Database Reference
In-Depth Information
phone, computer) used by the data subject. For instance, a profile may be linked to
a unique number associated with the terminal equipment. Identifiers that can func-
tion in this manner are IP-addresses, IMEI-numbers and MAC-addresses. Another
option is to read from and write information to the terminal equipment, for in-
stance by means of a cookie.
According to the article 29 Working Party when these indirect links are suffi-
cient to single out a person, the associated profile should be considered personal
“Without even enquiring about the name and address of the individual it is possi-
ble to categorise this person on the basis of socio-economic, psychological, phi-
losophical or other criteria and attribute certain decisions to him or her since the
individual's contact point (a computer) no longer necessarily requires the disclo-
sure of his or her identity in the narrow sense.” 9
The applicability of the Data protection directive to profiling in this manner is fur-
ther confirmed in the Article 29 Working Party opinion on behavioural advertis-
ing. In this opinion, the Article 29 Working Party explains why it feels that per-
sonal data is processed in the context of behavioural advertising:
“This is due to various reasons: i) behavioural advertising normally involves the
collection of IP addresses and the processing of unique identifiers (through the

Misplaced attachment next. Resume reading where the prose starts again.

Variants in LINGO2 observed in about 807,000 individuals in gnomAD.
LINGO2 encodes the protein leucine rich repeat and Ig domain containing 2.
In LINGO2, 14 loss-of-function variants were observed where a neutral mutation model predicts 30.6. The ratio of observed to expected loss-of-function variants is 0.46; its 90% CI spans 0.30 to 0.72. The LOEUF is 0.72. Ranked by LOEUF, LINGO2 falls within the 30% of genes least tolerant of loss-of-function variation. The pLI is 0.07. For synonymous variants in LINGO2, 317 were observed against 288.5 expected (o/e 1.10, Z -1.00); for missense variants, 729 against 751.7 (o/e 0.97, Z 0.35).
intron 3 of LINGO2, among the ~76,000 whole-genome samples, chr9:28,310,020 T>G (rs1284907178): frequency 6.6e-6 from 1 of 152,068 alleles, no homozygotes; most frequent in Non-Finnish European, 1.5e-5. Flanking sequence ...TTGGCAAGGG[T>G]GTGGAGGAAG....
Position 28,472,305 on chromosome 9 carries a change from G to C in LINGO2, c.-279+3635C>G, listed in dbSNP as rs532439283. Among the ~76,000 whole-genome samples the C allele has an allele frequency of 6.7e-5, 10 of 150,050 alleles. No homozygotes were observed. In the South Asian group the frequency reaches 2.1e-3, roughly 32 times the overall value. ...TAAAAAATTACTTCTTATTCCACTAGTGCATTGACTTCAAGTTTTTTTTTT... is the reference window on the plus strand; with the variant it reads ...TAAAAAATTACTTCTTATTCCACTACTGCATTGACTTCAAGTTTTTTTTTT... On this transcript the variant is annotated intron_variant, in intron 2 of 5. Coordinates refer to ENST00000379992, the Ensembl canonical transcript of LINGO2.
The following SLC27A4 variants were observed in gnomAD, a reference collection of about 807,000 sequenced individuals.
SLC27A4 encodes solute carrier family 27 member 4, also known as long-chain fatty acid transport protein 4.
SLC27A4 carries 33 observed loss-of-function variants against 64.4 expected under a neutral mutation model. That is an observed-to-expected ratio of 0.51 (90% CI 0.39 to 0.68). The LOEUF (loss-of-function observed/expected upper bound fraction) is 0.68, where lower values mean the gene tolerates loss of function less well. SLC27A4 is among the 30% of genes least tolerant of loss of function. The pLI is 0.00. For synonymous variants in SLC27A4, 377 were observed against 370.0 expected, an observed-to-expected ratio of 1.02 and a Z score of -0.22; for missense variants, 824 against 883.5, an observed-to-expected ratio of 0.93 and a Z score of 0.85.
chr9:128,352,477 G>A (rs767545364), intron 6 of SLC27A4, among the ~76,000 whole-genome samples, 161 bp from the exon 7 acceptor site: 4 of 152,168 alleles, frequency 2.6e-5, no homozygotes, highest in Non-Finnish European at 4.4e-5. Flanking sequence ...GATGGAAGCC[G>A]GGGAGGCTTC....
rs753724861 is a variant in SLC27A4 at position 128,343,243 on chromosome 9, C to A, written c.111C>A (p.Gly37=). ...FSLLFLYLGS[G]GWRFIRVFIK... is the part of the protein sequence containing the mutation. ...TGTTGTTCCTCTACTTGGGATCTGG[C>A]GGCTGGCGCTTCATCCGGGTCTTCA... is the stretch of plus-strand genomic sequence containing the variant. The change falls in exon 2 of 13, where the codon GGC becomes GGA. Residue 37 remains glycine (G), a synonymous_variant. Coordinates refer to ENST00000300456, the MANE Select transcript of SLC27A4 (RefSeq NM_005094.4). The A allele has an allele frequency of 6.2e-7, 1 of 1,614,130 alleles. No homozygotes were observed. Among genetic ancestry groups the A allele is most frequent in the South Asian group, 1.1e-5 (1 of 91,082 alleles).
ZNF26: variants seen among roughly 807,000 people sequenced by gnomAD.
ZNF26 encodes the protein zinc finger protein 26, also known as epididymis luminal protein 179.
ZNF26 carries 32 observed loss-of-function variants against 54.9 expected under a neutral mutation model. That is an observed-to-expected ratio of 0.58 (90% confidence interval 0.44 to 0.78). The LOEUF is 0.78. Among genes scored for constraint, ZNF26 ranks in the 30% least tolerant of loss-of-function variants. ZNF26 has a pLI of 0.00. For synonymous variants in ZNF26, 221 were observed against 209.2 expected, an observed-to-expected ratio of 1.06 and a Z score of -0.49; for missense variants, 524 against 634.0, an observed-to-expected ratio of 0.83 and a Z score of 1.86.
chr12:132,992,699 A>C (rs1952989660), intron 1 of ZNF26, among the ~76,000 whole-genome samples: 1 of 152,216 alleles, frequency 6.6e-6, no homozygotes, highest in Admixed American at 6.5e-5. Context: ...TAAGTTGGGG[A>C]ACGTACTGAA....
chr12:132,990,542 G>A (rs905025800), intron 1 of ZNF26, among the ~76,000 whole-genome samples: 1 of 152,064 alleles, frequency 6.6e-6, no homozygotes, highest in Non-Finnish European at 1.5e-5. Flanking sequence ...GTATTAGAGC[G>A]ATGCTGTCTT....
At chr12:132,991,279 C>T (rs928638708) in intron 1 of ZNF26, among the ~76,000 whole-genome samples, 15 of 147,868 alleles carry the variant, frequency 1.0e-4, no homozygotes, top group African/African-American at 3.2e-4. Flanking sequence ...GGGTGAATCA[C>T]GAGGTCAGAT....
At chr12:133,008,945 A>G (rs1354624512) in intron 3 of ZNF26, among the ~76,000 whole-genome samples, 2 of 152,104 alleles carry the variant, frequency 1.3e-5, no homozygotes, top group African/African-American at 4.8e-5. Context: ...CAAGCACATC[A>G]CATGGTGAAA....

cookie). The use of such devices with a unique identifier allows the tracking of us-
ers of a specific computer even when dynamic IP addresses are used. In other
words, such devices enable data subjects to be 'singled out', even if their real
names are not known. ii) Furthermore, the information collected in the context of
behavioural advertising relates to, (i.e. is about) a person's characteristics or be-
haviour and it is used to influence that particular person.” 10
The key element is that the identifier enables the person to be singled out for a
specific treatment on the basis of the associated profile. On the basis of this rea-
soning by the Article 29 Working Party, most if not all, profiling exercises will
fall under the scope of the Data protection directive. In those cases where an iden-
tifier is used that reads and/or writes information to terminal equipment, article
5(3) of Directive 2002/58/EC also applies. We may thus conclude that profiling in
most if not all current forms, falls within the scope of the Data protection acquis in
7.5 Drawbacks to the Current Approach to Data Protection in
the Context of Profiling
We have established that there are moral reasons for the protection of (personal)
data in the context of profiling. If we follow the (broad) interpretation of the
9 Opinion Nº 4/2007 on the concept of personal data, Article 29 Working Party, p. 13.
Opinion Nº 2/2010 on online behavioural advertising, Article 29 Working Party, p. 9.
Search WWH ::

Custom Search